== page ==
The first ever drug to slow deterioration in brain function from Alzheimer’s disease might receive approval for use from the U.S. Food and Drug Administration (FDA) this week.
Aducanumab is a medication developed by the company Biogen, based in Cambridge, Massachusetts, and meant for mild cognitive disability or early-stage dementia caused by Alzheimer’s.
The FDA has until June 7 to make a landmark decision on the future of the drug after a rollercoaster few years of development and trialing.
Patients with Alzheimer’s says aducanumab has helped them and improve symptoms such as brain fog, making it the first Alzheimer’s drug approved since 2003.
But some dispute the drug’s effectiveness and say the science on whether or not it actually works in shaky.
Aducanumab, developed by Biogen, may be the first ever drug that can slow the cognitive decline of Alzheimer’s. Critics believe more testing is needed before it gets approval from the FDA, though, due to ambiguous clinical trial results
The drug is a monoclonal antibody that creates an immune response that attacks clumps of amyloid beta, a plaque which scientists believe damages and kills brain cells.
It’s the plaque that causes Alzheimer’s to deteriorate a patients cognitive ability over time.
Biogen launched two clinical trials for aducanumab in 2016, according to The Washington Post.
Both were stopped mid-way through because researchers concluded that neither trial would end up reaching its goal.
Later, the company revealed updated data from the second study that showed a study patients had 22 percent decrease in speed of their cognitive decline.
The company is hoping the data from the trial will be enough for the FDA to give approval for use because a third trial may take between four to six more years to complete.
Advocates say that while the drug is not perfect, it can be the help delay the cognitive decline in the more than six million Americans who have Alzheimer’s.
The drug getting approval could also be a foothold for future research into developing treatments for the condition.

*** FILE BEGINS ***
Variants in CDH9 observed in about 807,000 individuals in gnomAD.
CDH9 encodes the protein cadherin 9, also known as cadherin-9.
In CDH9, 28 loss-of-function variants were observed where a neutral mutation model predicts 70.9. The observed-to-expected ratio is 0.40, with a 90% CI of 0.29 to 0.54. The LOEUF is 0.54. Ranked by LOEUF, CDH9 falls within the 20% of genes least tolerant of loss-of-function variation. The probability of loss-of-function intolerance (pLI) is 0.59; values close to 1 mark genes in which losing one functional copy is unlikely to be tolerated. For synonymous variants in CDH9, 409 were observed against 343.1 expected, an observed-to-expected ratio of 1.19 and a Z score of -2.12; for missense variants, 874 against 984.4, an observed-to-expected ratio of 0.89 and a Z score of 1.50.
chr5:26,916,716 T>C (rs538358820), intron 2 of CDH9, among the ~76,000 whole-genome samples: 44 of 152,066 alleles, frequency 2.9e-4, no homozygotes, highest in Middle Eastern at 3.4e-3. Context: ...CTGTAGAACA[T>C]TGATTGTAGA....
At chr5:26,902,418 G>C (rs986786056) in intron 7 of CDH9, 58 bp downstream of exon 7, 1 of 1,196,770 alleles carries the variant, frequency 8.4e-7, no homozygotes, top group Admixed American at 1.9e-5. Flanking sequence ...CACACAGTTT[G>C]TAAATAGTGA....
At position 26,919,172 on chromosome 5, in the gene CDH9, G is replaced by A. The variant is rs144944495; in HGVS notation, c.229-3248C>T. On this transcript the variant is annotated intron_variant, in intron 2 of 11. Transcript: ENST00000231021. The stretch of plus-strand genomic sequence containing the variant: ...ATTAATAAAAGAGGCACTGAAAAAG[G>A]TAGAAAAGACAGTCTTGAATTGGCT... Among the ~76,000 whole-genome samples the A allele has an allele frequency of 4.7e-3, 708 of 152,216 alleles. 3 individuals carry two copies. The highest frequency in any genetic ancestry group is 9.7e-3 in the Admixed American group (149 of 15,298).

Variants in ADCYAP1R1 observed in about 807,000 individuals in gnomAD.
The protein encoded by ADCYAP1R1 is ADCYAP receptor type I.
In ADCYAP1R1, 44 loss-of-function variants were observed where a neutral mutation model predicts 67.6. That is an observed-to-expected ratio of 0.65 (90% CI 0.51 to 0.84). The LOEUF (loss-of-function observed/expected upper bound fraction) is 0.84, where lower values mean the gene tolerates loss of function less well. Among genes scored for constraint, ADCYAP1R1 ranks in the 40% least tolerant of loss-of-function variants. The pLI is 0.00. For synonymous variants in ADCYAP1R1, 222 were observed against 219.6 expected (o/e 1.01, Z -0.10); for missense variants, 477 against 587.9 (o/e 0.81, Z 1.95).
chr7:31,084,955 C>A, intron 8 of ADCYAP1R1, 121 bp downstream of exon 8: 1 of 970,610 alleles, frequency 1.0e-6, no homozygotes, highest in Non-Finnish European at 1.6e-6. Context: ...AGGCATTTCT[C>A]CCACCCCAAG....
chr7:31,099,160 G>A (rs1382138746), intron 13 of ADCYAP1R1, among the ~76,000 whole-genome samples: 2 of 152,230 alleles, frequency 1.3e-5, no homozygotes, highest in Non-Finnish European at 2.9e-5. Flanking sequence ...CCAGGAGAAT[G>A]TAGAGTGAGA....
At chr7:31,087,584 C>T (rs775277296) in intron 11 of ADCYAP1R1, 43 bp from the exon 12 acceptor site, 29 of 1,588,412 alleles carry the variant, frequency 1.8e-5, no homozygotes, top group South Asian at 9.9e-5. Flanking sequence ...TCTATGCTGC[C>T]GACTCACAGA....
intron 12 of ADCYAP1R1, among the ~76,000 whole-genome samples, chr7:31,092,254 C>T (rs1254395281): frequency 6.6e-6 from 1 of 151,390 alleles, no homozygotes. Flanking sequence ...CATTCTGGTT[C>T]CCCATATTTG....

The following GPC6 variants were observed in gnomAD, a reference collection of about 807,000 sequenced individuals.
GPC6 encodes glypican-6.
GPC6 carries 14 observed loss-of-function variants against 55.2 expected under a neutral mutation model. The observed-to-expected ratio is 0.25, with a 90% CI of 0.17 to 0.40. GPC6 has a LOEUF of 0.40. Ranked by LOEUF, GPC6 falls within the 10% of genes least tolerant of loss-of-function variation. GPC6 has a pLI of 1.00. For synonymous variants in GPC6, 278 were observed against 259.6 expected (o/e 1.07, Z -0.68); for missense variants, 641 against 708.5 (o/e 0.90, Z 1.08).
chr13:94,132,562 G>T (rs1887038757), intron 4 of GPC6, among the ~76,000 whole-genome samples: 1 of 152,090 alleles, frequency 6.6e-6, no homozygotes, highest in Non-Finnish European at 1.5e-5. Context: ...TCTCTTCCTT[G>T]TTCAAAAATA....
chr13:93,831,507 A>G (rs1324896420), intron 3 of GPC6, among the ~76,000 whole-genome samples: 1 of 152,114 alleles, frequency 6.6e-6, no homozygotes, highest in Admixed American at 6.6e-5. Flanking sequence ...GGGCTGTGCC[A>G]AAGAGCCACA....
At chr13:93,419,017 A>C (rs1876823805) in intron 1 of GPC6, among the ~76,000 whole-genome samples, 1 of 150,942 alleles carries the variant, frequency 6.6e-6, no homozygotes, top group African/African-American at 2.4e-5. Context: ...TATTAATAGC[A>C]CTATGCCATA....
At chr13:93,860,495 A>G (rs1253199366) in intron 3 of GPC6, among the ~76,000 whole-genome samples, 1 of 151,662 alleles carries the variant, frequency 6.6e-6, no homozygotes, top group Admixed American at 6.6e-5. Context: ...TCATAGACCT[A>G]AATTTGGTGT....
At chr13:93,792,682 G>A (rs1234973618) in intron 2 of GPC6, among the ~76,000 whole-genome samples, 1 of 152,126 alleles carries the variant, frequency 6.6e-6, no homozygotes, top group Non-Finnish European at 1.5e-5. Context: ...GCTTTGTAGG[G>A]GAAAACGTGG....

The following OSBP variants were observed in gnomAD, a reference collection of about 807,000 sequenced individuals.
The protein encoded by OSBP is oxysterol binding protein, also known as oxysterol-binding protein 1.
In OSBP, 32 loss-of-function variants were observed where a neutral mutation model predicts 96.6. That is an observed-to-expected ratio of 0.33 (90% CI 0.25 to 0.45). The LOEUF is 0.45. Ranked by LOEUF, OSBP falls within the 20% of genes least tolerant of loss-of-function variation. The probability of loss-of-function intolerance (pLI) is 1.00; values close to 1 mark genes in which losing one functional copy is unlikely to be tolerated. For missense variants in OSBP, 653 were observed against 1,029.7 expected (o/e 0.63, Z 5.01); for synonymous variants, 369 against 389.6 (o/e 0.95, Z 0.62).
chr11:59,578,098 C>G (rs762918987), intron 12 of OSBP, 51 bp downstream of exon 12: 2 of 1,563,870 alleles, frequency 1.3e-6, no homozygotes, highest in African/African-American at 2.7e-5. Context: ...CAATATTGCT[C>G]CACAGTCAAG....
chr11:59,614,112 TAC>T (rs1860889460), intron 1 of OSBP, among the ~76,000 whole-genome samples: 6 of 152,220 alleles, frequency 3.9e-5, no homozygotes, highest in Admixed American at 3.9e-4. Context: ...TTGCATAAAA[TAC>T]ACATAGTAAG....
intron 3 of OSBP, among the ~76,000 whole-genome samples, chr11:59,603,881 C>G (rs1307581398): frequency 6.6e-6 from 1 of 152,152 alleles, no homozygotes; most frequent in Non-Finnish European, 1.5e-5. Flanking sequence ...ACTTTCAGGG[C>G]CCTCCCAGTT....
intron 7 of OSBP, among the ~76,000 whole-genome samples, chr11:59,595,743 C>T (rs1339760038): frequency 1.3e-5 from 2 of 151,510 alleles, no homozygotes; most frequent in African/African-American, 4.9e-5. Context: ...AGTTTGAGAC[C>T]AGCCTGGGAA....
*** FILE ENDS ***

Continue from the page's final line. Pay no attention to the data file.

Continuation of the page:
‘This will give us a new biological foothold to build on,’ Stephen Salloway, director of neurology and the Memory and Aging Program at Butler Hospital, told The Post.
‘To get the best in class, you have to have the first in class.’
FAST FACTS ABOUT ALZHEIMER’S DISEASE
- More than 6 million Americans are living with Alzheimer’s
- The disease progressively destroys a patients memory and mental functions
- It is the leading cause of dementia in the United States
- The disease kills more than 100,000 Americans every year
- Alzheimer’s deaths have increased by 16 percent during Covid-19 pandemic
- The disease costs the nation $355 billion every year in treatment, research and lost productivity
- There are no known cures for the disease
Source: Alzheimer’s Association, The Mayo Clinic
The Alzheimer’s Association is supportive of the drug as well, hoping that it can provide temporary health for patients, while also calling for further trials to be conducted on the drug even after approval.
‘We don’t think this is the end all or be all,’ Harry Johns, president and chief executive of the Alzheimer’s Association, told The Post.
‘It will take more advances, but it does appear from the science that people, especially at early stages, could be real beneficiaries and that the benefits accumulate over time.’
Critics of the drug say that giving the drug approval too early could hurt patients more than it will help, due to the wasted time and resources that may go into delivering a product that does not work.
They also criticize Biogen’s data conclusion of the second trial, describing it as finding a conclusion then building the process to get there backwards in order to get the results they wanted.
‘The worst thing for people with Alzheimer’s would be to put out a product that doesn’t work,’ Aaron Kesselheim, a professor of medicine at Harvard Medical School, told the newspaper.
‘It will be sold at an extremely high price and waste resources that could go to other things.’
It is estimated that the drug will cost $50,000 per year per patient that uses it, a large price tag for a drug whose effectiveness is still questionable.
Howard Fillit, founding executive director and chief science officer of the Alzheimer’s Drug Discovery Foundation, believes that more work is needed to determine the effectiveness of the drug as well.
‘There is tremendous pressure on the FDA from the Alzheimer’s community, but in this case, I think the science is unfortunately somewhat ambiguous,’ he said.